News from around the Archdiocese of Liverpool
Before I came to the Isle of Man nearly four years ago, I assumed the island was populated by native Manx residents with a few extra British and Irish people. But at Mass every Sunday I meet parishioners from every nation on earth. It’s good to have our assumptions overturned.
As I write this, the annual TT motorcycle races are under way. The weather this year has been atrocious. Cloud cover on the mountain course has meant that injured riders can’t be safely airlifted by helicopter to Noble’s Hospital for emergency treatment. When this happens, practice sessions have to be curtailed and races postponed.
The island hosts over 40,000 visitors for the TT (to put that in perspective, the permanent population is only 85,000). Most of the visitors are bikers and they bring their bikes with them. I derive as much satisfaction from looking at the variety of bikes and reading their number plates as I do from watching the racing itself.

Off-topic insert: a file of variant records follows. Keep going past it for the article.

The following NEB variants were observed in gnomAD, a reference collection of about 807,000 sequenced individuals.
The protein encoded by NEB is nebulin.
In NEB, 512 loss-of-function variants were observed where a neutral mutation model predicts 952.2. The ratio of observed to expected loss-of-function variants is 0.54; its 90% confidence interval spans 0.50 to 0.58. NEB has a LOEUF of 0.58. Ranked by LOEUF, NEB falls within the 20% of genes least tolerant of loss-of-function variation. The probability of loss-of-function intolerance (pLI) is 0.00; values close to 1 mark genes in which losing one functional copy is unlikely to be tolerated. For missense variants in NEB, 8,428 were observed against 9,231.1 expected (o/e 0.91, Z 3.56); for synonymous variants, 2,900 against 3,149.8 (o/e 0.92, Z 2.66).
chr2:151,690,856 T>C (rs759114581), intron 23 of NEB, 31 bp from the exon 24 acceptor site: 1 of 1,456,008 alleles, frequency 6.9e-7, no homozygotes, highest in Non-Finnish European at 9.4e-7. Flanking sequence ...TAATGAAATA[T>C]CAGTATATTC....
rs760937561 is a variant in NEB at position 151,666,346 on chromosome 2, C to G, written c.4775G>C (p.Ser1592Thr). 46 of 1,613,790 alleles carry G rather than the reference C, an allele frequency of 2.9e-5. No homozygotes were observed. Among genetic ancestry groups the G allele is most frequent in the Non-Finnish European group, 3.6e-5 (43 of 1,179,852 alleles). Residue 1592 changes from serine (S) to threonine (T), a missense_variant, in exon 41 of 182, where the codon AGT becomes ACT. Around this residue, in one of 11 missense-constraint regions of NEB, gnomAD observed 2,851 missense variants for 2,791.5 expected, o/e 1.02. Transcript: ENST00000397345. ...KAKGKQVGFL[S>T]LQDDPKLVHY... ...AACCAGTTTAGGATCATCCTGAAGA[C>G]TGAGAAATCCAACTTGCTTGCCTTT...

Many might assume that an influx of bikers would spell trouble for the island. That isn’t the case. Contrary to the stereotype, bikers aren’t hooligans. When they take off their helmets and peel off their leathers you discover that they are respectful, courteous and considerate visitors. The Manx people love them. There are people on the island who accommodate the same bikers every year in their own homes. They consider them to be family friends. Many more bikers live under canvas. This year the campsites are awash and so they fill the bars and cafes. When you welcome the stranger, you welcome an angel in disguise.